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Scheduling delegate's interim decisions and invitation for further comment: ACCS/ACMS, March and July 2017

Scheduling medicines and poisons

15 September 2017

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2.5 Vinyl acetate

Referred scheduling proposal

An application was submitted by the National Industrial Chemicals Notification and Assessment Scheme (NICNAS) to create new entries for vinyl acetate in Schedules 6 and 10 of the Poisons Standard.

Scheduling application

This was a general application. The applicant's proposed amendments to the Poisons Standard are:

Schedule 6 – New Entry

VINYL ACETATE (if appropriate, exempt up to 1% concentration in domestic products).

Schedule 10 – New Entry

VINYL ACETATE for cosmetic use.

Appendix E, Part 2 – New Entry

VINYL ACETATE

Standard Statement: A (For advice, contact a Poisons Information Centre or a doctor).

Appendix F, Part 3 – New Entry

VINYL ACETATE

Warning Statement: 6 (May cause cancer).

Safety Directions: 4 (Avoid contact with skin); 8 (Avoid breathing vapour); 9 (Use only in well ventilated area).

The applicant's reasons for the request are:

  • Vinyl acetate is highly volatile, a respiratory irritant, and may have genotoxic and carcinogenic potential;
  • Domestic uses of vinyl acetate in Australia were identified in paints, lacquers, varnish, adhesives and possibly in automotive products;
  • Domestic uses identified overseas include products containing vinyl acetate up to 67% in a home maintenance paste (US Household Products Database). However, available data suggest that most products contain 1% or less; glues/adhesives (0-1%), foam sealants (0.1-2%), or paints/varnish/primer (0.1-0.5%) (US Household Products Database);
  • Previously allowed cosmetic use was for a film forming substance (in 2006) in the European Union (EU); this use has been prohibited from 1 January, 2015 under Reg 944/2013 (CosIng); and
  • When vinyl acetate is used in domestic products, the potential for respiratory irritation, mutagenicity and carcinogenicity from vapours clearly presents a risk. The risk can be controlled by imposing concentration restrictions and warning labels for domestic uses. If there is any cosmetic use of vinyl acetate in Australia, it should be prohibited.

Current scheduling status and relevant scheduling history

Vinyl acetate is not currently scheduled and has not been previously considered for scheduling. Therefore, a scheduling history is not available.

Australian regulatory information

Vinyl acetate is listed in the Therapeutic Goods (Permissible Ingredients) Determination No. 3 of 2017 as follows:

Table 2.5.1: Permissible ingredients and requirements applying to vinyl acetate when contained in a medicine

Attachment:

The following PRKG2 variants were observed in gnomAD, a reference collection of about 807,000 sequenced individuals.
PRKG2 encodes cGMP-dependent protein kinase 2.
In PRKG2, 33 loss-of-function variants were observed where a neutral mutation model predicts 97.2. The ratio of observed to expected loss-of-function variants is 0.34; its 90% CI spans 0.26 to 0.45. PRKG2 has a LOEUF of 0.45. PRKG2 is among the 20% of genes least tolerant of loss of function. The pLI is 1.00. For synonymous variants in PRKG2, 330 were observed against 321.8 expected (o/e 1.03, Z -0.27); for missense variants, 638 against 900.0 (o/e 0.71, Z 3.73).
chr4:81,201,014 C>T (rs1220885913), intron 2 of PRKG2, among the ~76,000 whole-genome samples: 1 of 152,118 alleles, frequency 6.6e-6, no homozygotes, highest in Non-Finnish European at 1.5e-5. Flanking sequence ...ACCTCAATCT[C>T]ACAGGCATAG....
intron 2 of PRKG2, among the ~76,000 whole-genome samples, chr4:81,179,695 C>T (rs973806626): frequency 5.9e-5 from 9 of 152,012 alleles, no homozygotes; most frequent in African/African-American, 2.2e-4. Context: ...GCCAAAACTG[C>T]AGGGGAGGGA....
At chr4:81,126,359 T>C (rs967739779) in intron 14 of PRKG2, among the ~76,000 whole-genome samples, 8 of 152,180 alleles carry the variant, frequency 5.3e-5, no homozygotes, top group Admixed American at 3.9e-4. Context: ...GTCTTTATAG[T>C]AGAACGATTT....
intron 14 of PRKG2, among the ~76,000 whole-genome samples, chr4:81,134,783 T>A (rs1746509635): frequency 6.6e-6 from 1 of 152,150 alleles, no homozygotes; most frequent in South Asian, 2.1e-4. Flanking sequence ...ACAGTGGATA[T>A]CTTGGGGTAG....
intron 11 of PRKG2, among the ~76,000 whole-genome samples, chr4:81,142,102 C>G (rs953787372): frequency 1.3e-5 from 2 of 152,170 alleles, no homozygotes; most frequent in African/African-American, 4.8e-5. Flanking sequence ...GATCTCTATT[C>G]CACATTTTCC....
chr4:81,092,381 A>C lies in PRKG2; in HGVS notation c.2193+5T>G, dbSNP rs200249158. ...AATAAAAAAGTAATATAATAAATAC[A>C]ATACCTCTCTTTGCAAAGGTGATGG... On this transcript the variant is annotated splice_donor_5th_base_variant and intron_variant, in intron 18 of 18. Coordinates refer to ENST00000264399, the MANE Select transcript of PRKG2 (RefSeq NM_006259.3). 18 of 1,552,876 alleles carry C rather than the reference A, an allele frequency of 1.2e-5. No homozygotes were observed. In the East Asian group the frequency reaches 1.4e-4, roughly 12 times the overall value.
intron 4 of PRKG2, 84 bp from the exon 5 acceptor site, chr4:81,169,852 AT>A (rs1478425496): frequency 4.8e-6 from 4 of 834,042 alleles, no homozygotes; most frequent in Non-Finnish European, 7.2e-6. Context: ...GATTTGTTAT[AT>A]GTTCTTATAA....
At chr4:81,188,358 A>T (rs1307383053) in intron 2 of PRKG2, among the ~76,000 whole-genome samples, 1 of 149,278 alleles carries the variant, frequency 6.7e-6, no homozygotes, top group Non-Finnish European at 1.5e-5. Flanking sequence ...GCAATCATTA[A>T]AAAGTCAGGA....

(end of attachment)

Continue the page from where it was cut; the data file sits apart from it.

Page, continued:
Column 1 Column 2
Ingredient Name
Column 3
Purpose of the ingredient in the medicine
Column 4
Specific requirements(s) applying to the ingredient in Column 2
5014 VA/BUTYL MALEATE/ISOBORNYL ACRYLATE COPOLYMER E

Vinyl acetate is a mandatory component of VA/butyl maleate/isobornyl acrylate copolymer.

The concentration of vinyl acetate in the medicine must be no more than 0.01% or 100 ppm.

Only for use in topical medicines for dermal application and not to be included in medicines intended for use in the eye.

The concentration in the medicine must be no more than 5%.

According to the TGA Ingredient Database, vinyl acetate is available for use as an:

  • Excipient only in biologicals, devices and prescription medicines; and
  • Equivalent ingredient in devices, listed medicines and prescription medicines.

Vinyl acetate is in 59 products listed on the Australian Register of Therapeutic Goods (ARTG):

  • 1 Medical device (Class IIa);
  • 24 Non-prescription medicines; and
  • 34 Prescription medicines.

Vinyl acetate is not listed in the Database of Adverse Events Notification (DAEN) - Medicines.

International regulations

EU

Vinyl acetate is classed as a CMR 2 (carc.2) substance[6]and is prohibited for use in cosmetics and personal care products in the European Union (EU) from 1 January 2015, as per EU Regulation No 944/2013.

USA

The Food and Drug Administration (FDA) has determined that vinyl acetate may be safely used as a coating or a part of a coating (e.g. an adhesive) that is used in plastic films for food packaging, and as a modifier of food starch.[7][8]

The American Conference of Governmental Industrial Hygienists (ACGIH) has established an exposure limit of 10 parts of vinyl acetate per million parts of workplace air (10 ppm) for an 8-hour workday, 40-hour workweek.11

The National Institute for Occupational Safety and Health (NIOSH) recommends that exposure to vinyl acetate in the workplace not exceed 4 ppm over a 15-minute period.11

Substance summary

Vinyl acetate is a clear, colourless liquid. It has a sweet, pleasant, fruity smell, but the odour may be sharp and irritating to some people. Vinyl acetate can be smelt when it is in the air at levels around 0.5 ppm. It readily evaporates into air and dissolves easily in water.

Vinyl acetate is flammable and may be ignited by heat, sparks, or flames. Vinyl acetate is used to make other industrial chemicals (such as polyvinyl acetate polymers and ethylene-vinyl acetate copolymers). These are used mainly to make glues for the packaging and building industries. These are also used to make paints, textiles, and paper.[9]

Table 2.5.2: Chemical information for Vinyl acetate
Property Substance
Chemical structure chemical structure of vinyl acetate
Molecular formula C4H6O2
Molecular weight 86.1 g/mol
CAS name Acetic acid ethenyl ester
CAS number 108-05-4